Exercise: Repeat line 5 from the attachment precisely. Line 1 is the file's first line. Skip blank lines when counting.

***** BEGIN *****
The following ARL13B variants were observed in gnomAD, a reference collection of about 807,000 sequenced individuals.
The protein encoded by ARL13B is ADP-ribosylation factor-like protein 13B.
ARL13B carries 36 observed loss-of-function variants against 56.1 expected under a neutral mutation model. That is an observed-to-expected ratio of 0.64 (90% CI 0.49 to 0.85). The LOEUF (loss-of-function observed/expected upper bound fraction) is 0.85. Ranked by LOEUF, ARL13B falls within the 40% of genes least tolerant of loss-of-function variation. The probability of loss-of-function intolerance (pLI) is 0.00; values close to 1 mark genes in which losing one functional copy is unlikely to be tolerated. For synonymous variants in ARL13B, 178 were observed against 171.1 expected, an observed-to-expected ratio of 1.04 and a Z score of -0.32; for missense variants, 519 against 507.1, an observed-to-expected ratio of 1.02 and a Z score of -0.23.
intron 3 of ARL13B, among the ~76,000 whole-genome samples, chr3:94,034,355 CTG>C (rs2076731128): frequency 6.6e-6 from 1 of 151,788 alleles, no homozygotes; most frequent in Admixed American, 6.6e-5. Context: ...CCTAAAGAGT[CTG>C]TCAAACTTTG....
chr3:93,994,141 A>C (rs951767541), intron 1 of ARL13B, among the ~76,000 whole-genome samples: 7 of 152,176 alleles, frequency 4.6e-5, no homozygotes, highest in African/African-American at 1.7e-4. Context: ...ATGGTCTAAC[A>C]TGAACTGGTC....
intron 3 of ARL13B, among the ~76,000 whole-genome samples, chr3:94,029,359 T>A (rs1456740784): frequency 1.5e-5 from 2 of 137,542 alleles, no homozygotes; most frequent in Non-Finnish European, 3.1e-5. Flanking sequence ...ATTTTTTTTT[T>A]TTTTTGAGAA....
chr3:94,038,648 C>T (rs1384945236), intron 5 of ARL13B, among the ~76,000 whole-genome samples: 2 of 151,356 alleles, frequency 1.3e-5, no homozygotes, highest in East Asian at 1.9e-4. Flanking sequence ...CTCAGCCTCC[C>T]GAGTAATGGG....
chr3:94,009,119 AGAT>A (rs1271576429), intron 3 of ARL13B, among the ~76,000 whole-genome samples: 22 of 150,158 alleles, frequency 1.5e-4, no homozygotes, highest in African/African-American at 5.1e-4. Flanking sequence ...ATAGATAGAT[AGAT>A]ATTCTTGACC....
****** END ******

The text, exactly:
chr3:93,994,141 A>C (rs951767541), intron 1 of ARL13B, among the ~76,000 whole-genome samples: 7 of 152,176 alleles, frequency 4.6e-5, no homozygotes, highest in African/African-American at 1.7e-4. Context: ...ATGGTCTAAC[A>C]TGAACTGGTC....